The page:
The soup sounds delicious. I’m kind of glad I didn’t find that restaurant … 😉

  5. Avatar Carrie says:

    Love your happy story! Glad to have both of you back, safe and sound.  🙂

  6. Avatar Karen C says:

    Great story Doni!  About the absence of cat allergy this time…I suspect  it is because of your weight loss/muscle gain and better eating habits.  Years ago, I lost a good amount  of weight and have never had an oak pollen allergy since.  I was miserable in the spring, had to have a shot and was basically miserable for about three weeks.  It all went away with the healthier way of life.

    Loved the pictures too, what a fun time you all had.

    • You know, Joe and Shelly were theorizing the same thing; that perhaps the weight loss and new health had something to do with the absence of allergies. I’d be curious to try it with some other cats here in the U.S. and see if I have the same non-reaction.

      Glad you liked the story, and Shelly’s photos. 🙂

  7. Avatar Grammy says:

    Bet you buy travel insurance!

    • Oh my gosh! You are so right! After the Hawaiian trip, I am now the ambassador for travel insurance! When I went to Hawaii, it was with a friend who’d booked the trip and had bought travel insurance. At the time I lacked health insurance, and I was literally begging to not go to the hospital, because I couldn’t afford it. The doctor on the plane said I had a choice: go to the hospital, or bleed out in my hotel room.

      My friend had forgotten about the insurance, which basically was part of the travel package, until reading the paperwork.  EVERYTHING was covered: The ambulance to the hospital, the three days (great hospital, with fantastic Aloha spirit, btw), a bunch of scans and tests … everything. It was something like $11,000, all paid by the travel insurance. So, yeah, I believe in travel insurance. You should, too. 🙂

  8. Deb Deb says:

    Your happy smile says it all 🙂  I’m so glad you all had a great time together!  Btw in some of those photos you look like a teenager, no lie.  Happiness does wonderful things to a person!

  9. Avatar Matt Grigsby says:

    I’m so thrilled you had a safe and fun trip!  Travel is exciting and exhausting and stressful and relaxing and there’s nothing else like it.  I can’t wait to hear more details, especially about San Miniato in Florence.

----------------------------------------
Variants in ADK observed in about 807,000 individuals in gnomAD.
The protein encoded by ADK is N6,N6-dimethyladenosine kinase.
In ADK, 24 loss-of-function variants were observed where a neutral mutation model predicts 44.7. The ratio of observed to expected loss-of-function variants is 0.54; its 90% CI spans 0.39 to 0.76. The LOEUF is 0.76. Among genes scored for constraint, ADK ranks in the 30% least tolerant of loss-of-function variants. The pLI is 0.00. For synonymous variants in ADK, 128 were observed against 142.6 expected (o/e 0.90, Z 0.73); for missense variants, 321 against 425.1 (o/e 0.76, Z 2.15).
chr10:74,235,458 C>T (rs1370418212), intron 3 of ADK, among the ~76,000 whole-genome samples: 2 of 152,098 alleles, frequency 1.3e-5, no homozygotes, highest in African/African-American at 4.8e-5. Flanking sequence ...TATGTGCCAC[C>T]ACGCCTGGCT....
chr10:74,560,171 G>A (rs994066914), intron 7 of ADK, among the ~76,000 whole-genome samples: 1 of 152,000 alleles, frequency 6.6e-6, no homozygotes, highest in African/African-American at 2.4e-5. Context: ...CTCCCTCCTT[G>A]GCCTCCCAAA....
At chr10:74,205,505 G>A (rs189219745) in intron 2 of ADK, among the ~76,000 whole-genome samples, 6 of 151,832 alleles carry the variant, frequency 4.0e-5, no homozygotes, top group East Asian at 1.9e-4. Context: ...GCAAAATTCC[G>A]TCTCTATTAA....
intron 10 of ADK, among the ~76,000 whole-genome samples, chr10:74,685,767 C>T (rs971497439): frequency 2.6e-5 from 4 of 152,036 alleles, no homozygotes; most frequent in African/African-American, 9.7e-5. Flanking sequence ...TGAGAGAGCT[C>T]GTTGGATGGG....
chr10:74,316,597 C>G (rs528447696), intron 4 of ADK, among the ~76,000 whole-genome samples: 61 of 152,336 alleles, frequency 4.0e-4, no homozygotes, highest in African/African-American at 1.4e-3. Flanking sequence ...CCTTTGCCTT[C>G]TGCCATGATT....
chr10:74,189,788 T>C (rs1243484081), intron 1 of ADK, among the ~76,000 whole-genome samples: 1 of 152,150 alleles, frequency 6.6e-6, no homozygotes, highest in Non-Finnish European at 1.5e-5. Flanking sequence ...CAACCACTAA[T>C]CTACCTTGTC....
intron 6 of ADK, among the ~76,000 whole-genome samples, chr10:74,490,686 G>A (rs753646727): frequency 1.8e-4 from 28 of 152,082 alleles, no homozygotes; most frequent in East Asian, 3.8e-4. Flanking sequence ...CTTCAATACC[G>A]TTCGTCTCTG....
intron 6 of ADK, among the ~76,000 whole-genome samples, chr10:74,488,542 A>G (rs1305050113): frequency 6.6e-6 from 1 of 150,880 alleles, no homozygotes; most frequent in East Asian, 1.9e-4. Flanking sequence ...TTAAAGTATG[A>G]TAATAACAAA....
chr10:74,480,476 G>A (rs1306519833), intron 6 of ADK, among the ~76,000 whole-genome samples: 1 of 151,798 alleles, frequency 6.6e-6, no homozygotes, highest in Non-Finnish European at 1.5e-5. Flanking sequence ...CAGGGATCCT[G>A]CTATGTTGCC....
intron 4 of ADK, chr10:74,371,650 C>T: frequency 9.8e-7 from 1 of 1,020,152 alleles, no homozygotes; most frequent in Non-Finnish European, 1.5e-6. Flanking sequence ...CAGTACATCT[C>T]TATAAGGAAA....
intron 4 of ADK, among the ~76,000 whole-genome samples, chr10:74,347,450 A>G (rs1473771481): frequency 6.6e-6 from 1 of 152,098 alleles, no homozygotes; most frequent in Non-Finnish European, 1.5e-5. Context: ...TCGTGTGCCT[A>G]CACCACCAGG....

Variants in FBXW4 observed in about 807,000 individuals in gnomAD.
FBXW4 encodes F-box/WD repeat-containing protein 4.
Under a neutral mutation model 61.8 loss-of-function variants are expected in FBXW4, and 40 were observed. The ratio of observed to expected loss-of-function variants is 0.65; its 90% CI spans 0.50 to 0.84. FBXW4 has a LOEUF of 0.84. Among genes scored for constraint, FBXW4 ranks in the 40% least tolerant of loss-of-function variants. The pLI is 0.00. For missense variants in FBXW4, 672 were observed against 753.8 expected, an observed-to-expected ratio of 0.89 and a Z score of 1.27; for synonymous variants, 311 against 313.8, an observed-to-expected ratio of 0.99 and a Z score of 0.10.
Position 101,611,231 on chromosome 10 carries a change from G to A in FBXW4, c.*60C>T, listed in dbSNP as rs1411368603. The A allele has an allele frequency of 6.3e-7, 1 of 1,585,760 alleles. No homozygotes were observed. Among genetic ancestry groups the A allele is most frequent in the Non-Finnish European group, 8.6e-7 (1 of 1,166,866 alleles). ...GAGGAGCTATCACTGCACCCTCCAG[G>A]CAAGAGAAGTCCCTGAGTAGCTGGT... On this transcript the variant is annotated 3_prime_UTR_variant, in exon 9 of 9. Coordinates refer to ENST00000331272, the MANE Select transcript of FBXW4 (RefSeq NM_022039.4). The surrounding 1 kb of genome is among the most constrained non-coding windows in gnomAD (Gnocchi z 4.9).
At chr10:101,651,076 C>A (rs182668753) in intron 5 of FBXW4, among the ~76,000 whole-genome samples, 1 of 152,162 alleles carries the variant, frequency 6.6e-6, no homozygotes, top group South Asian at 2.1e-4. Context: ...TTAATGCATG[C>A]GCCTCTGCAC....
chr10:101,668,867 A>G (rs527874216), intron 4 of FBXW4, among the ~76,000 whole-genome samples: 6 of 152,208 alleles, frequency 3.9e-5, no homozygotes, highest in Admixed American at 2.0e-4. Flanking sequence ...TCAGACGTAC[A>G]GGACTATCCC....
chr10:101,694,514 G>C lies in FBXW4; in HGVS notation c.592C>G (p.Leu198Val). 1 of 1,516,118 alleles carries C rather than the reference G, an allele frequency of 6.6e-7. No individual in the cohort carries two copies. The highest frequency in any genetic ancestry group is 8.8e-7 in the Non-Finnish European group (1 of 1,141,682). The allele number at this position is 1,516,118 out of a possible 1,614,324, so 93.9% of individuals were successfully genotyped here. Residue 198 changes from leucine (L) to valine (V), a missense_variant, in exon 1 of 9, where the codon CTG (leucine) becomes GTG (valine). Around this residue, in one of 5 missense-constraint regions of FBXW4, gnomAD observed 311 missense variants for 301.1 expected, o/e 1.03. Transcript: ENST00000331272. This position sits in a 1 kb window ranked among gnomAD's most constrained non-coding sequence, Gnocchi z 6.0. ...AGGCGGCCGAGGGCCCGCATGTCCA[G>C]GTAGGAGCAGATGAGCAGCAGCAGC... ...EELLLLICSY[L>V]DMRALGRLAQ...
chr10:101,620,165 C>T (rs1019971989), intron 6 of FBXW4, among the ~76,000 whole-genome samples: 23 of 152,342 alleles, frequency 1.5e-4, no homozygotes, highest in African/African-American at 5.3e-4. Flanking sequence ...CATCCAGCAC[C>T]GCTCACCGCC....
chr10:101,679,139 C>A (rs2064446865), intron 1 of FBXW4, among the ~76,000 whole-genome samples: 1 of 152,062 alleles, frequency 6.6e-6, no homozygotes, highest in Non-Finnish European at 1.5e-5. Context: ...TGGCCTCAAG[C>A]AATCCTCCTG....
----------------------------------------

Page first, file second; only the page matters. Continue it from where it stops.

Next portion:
Welcome home!

    • You are right about travel. You and I are kindred travel spirits. And thank you for the recommendation to visit San Miniato. Well, we kind of had a different experience than the one you described for us, but it’s memorable, for sure. (I think Shelly will cover that in her journal/post.)

      btw, Joe just texted me and Pavel sent a pix to illustrate that there’s snow on the ground in Ostrava. On the one hand, snow would have been magical, but on the other hand, it may have messed with our return trip home.

  10. Avatar Tom says:

    The trip sounds wonderful.  I am glad that you do this as often as you do but it is sure nice to have you back.

  11. Avatar Joyce Cannon says:

    I am so glad you shared about your wonderful trip! I always like to have one in the planning mode. Keep making those great memories girls! And keep sharing them as only you can. Love you both!

  12. R.V. Scheide Jr. R.V. Scheide Jr. says:

    Welcome back! Nice pictures! You remarked that there were few transients on the streets, so I looked up crime and punishment over there. Just like California, their prisons are overcrowded (not as bad), but they haven’t passed anything like AB 109, yet. They’ve dramatically changed their approach to drugs the past 20 years. Otherwise, they don’t seem to be doing anything dramatically different than us.

    • I really know nothing about the criminal system in the Czech Republic, but I do know that overall, the country is pretty lax about pot, but on the other hand there is zero tolerance for drinking and driving.

  13. Avatar Jorgi says:

    What a wonderful trip with a bucket full of great experiences. The museums alone would be worth the trip to me. In the pictures, everyone seemed to be beaming – so happy. To travel with your sister, Shelly, was so special. Glad you’re back safe and sound and I’m looking forward to hearing/seeing more about the trip.

  14. Avatar Becky Brabrook, Mt. Shasta says:

    Thanks for the travelogue, Doni.  Enjoyed it very much.  Have been up and down I 5 for many years but have never spotted the Freeway Tree!  I always enjoy the Cow and her Calf south of Yreka and the Dragon north of that same town.  Now I will keep an eye peeled for The Freeway Tree.  Can you give me a hint of where to look?


  15. Avatar Terry says:

    What a wonderful travelogue, Doni!  It was fantastic to have such good travel luck.  Hurray!

    I’m delighted you got to go the the Trattori Gargani now – it will always be a great memory of the trip with your great travel twin, and being with her and Joe and his lovely wife.  That worked out nicely, actually.

    I’m looking forward to reading more details from you and Shelly.:-)


  16. Avatar Becky Brabrook, Mt. Shasta says:

    Thanks, Doni.  I passed the article on to my kids who live in Durham and Davis.  They were happy to see the story behind the tree.  We have a rock along I5 here in Mt. Shasta that has been painted by the senior high school classes for over 60 or 70 years, maybe longer.   One researcher a few years back found out there were 5 1/2″ of paint on that rock!   Also the train overcrossing on North old stage and Abrams lake.  Fascinating to find these little pieces of history here and there still around if you know where to look!